The Bold & Fresh Taste of Farmstead Cheese

Poor Orphan Creamery brings artisanal cheeses to the table

Lark Gilmer has the state’s noxious weed law to thank for her livelihood.  Gilmer is not a state inspector, an herbicide vendor or plant pathologist. She’s a shepherd and cheesemaker.

Montana’s County Weed Control Act, Title 7, Chapter 22, Part 21 of the state code, means landowners in the Ruby Valley invite Gilmer to run her weed-eating Icelandic sheep for a nominal fee on their pastures. In turn, the sheep produce milk for some of the hand-crafted farmstead cheeses she makes and sells state and countrywide.


“Artisanal cheeses have so much more depth, they take your taste buds all around the world and tell their own story,” Gilmer says, “whereas industrial cheeses kind of flat line.”

Gilmer, 57, started the Poor Orphan Creamery in Laurin, Montana two years ago with her then husband, Charles Smothermon, with whom she moved here in 2003 from the Basque Country in France. The creamery, which opened in 2014, is the confluence of Gilmer’s life-long – and, for a long time, seemingly disparate – interests: sheep, cheese and photography.

Born in Minneapolis, Gilmer learned photography through apprenticeships in England and France, and has worked as a high-end commercial photographer for most of her career, most recently as photography director for WB Studios.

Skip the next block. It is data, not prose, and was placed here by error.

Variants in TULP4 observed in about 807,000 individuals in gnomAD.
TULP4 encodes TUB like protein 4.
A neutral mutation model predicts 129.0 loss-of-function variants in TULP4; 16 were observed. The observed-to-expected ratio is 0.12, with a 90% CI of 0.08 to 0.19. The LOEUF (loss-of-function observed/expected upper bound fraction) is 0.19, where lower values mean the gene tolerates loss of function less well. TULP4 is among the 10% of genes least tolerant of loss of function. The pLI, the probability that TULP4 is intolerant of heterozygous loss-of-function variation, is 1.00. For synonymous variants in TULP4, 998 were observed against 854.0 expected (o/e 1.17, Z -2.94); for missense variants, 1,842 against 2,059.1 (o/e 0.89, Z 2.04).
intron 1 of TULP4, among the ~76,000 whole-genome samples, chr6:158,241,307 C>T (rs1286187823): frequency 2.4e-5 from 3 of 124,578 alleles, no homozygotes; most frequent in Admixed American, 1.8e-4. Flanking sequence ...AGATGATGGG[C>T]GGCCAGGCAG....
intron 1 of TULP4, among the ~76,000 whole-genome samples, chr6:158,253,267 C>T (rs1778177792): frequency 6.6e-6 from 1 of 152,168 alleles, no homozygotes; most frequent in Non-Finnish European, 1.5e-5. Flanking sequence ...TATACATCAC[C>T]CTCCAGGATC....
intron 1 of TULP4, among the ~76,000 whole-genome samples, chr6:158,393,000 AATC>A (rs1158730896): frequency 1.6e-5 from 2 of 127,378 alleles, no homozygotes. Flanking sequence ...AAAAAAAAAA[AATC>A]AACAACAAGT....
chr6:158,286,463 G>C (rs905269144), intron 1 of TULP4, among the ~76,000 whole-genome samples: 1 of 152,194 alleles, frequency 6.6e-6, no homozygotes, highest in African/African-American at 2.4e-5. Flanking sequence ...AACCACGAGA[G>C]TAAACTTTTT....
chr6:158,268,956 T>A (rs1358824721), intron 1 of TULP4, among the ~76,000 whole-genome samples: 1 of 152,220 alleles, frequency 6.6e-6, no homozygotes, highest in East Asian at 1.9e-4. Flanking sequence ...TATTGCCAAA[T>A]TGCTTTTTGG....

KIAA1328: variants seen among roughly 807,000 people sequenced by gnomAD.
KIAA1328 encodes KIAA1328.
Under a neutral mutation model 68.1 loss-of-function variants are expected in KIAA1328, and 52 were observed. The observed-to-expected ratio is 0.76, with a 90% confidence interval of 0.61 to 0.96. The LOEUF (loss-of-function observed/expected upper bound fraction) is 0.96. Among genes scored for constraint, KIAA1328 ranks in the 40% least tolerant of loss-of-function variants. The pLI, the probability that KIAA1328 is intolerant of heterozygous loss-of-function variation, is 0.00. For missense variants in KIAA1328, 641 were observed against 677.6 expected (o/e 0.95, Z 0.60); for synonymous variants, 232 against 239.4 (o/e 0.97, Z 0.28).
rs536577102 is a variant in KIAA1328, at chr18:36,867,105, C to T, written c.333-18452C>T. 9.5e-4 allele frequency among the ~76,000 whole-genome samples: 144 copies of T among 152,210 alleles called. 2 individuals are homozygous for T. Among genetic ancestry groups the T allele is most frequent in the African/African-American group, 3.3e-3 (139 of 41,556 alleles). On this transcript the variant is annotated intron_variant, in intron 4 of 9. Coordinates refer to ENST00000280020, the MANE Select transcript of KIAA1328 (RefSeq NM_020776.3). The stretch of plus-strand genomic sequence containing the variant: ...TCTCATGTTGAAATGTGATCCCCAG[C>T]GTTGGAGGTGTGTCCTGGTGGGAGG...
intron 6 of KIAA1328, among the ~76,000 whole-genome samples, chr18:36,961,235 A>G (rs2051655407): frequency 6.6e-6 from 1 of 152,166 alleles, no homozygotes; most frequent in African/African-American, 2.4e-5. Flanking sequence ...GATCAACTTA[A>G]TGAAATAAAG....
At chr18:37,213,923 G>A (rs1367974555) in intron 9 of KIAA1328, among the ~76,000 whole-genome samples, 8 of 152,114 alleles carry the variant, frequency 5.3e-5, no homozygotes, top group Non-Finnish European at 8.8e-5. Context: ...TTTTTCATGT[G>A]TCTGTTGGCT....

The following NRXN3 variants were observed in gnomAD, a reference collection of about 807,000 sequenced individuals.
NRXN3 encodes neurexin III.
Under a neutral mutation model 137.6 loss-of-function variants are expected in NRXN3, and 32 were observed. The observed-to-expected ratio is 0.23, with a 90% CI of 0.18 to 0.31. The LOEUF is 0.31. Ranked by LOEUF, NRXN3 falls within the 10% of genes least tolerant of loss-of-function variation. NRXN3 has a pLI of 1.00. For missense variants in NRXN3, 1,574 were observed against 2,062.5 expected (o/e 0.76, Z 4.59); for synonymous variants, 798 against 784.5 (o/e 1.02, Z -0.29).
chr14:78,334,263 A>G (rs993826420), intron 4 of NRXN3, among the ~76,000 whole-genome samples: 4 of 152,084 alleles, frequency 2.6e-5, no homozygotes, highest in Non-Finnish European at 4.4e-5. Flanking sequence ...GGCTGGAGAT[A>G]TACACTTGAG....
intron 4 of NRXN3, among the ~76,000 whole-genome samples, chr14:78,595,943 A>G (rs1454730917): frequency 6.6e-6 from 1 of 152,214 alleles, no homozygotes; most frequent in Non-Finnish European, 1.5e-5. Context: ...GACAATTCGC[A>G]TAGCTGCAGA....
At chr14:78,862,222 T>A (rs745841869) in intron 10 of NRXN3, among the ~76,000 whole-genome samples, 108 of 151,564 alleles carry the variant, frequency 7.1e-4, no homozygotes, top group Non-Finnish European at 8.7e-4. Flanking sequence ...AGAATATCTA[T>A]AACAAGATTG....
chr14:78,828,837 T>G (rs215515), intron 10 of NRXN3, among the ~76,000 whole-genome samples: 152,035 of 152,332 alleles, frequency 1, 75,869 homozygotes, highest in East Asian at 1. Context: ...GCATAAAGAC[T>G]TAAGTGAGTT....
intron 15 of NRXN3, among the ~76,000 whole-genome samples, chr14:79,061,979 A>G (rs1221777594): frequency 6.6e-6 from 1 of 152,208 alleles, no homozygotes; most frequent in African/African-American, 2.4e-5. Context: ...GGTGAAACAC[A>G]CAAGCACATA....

But photography was never her sole interest.

In her 20s, she shared a house in Oxford, England with a son of Major Patrick Rance, one of Britain's leading cheesemongers who rescued specialist cheeses from oblivion. Gilmer spent holidays at his renowned village shop at Streatley, where he would display a couple of hundred cheeses at a time on open tables.

She also had a boyfriend at that time, whose family raised sheep. She would help lamb and tend the sheep on visits and, later, sought out shepherds, on her travels for work and pleasure.


When happenstance led her to the Basque Country, where she bought a house and learned sheep could be milked and that milk made into cheese, her fascinations came together.

“Working with fiber didn’t trip my trigger and that was the only product I was aware of that could be made from sheep,” Gilmer says. “When I discovered I could make cheese, I loved the way it tasted and it could pencil out.”

Almost randomly, Gilmer found a house, the town’s old schoolhouse, while passing through Laurin on a commercial photo shoot. The hamlet’s myriad and, in some ways, mystical, connections to France enchanted her, and, some years later, she began building her flock, milking her sheep for homemade cheese and looking for a location for a creamery. (She now lives elsewhere in Laurin and rents the schoolhouse.)

After three or four creamery locations fell through, Gilmer settled on one, an industrial building that had been used as an Army Navy surplus store, then jumped through numerous hoops to open Montana’s first sheep dairy, designing and building its first portable milking parlor and becoming one of the first artisan cheesemakers in the state. (There are now seven.)